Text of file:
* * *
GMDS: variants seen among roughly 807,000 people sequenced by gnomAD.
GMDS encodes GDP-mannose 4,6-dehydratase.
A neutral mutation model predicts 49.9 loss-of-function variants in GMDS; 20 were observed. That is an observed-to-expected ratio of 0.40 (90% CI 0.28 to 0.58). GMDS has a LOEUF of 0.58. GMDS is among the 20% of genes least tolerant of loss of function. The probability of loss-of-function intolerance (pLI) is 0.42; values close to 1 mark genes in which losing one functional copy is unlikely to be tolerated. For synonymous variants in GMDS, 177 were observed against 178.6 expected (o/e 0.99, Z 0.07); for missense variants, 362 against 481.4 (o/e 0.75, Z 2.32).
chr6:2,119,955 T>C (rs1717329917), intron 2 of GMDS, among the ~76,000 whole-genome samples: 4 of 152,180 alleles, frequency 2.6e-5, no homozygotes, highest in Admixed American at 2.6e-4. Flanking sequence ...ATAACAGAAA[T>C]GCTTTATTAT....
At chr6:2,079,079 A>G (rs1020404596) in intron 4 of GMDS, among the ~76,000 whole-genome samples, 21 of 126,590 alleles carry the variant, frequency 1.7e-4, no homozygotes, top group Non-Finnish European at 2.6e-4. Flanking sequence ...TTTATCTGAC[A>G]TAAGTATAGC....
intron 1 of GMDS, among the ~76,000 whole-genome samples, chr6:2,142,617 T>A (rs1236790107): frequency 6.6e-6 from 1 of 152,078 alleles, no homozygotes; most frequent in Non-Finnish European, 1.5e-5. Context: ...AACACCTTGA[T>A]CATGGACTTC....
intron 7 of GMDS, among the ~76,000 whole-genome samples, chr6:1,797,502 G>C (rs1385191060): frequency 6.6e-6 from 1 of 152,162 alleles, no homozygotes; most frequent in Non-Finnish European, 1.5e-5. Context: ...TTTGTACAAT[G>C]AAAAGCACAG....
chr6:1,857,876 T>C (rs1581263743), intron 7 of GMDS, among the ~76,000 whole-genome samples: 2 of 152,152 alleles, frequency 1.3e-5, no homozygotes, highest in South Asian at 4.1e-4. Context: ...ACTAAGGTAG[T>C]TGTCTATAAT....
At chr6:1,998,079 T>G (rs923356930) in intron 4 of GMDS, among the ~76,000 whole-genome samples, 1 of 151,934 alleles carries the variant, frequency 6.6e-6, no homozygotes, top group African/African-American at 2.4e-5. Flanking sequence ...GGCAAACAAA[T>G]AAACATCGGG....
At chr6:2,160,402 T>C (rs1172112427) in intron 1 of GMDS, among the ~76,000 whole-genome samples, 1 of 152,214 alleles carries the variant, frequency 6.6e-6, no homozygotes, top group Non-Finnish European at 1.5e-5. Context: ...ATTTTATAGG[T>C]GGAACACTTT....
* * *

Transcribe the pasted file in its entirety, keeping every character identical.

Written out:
GMDS: variants seen among roughly 807,000 people sequenced by gnomAD.
GMDS encodes GDP-mannose 4,6-dehydratase.
A neutral mutation model predicts 49.9 loss-of-function variants in GMDS; 20 were observed. That is an observed-to-expected ratio of 0.40 (90% CI 0.28 to 0.58). GMDS has a LOEUF of 0.58. GMDS is among the 20% of genes least tolerant of loss of function. The probability of loss-of-function intolerance (pLI) is 0.42; values close to 1 mark genes in which losing one functional copy is unlikely to be tolerated. For synonymous variants in GMDS, 177 were observed against 178.6 expected (o/e 0.99, Z 0.07); for missense variants, 362 against 481.4 (o/e 0.75, Z 2.32).
chr6:2,119,955 T>C (rs1717329917), intron 2 of GMDS, among the ~76,000 whole-genome samples: 4 of 152,180 alleles, frequency 2.6e-5, no homozygotes, highest in Admixed American at 2.6e-4. Flanking sequence ...ATAACAGAAA[T>C]GCTTTATTAT....
At chr6:2,079,079 A>G (rs1020404596) in intron 4 of GMDS, among the ~76,000 whole-genome samples, 21 of 126,590 alleles carry the variant, frequency 1.7e-4, no homozygotes, top group Non-Finnish European at 2.6e-4. Flanking sequence ...TTTATCTGAC[A>G]TAAGTATAGC....
intron 1 of GMDS, among the ~76,000 whole-genome samples, chr6:2,142,617 T>A (rs1236790107): frequency 6.6e-6 from 1 of 152,078 alleles, no homozygotes; most frequent in Non-Finnish European, 1.5e-5. Context: ...AACACCTTGA[T>A]CATGGACTTC....
intron 7 of GMDS, among the ~76,000 whole-genome samples, chr6:1,797,502 G>C (rs1385191060): frequency 6.6e-6 from 1 of 152,162 alleles, no homozygotes; most frequent in Non-Finnish European, 1.5e-5. Context: ...TTTGTACAAT[G>C]AAAAGCACAG....
chr6:1,857,876 T>C (rs1581263743), intron 7 of GMDS, among the ~76,000 whole-genome samples: 2 of 152,152 alleles, frequency 1.3e-5, no homozygotes, highest in South Asian at 4.1e-4. Context: ...ACTAAGGTAG[T>C]TGTCTATAAT....
At chr6:1,998,079 T>G (rs923356930) in intron 4 of GMDS, among the ~76,000 whole-genome samples, 1 of 151,934 alleles carries the variant, frequency 6.6e-6, no homozygotes, top group African/African-American at 2.4e-5. Flanking sequence ...GGCAAACAAA[T>G]AAACATCGGG....
At chr6:2,160,402 T>C (rs1172112427) in intron 1 of GMDS, among the ~76,000 whole-genome samples, 1 of 152,214 alleles carries the variant, frequency 6.6e-6, no homozygotes, top group Non-Finnish European at 1.5e-5. Context: ...ATTTTATAGG[T>C]GGAACACTTT....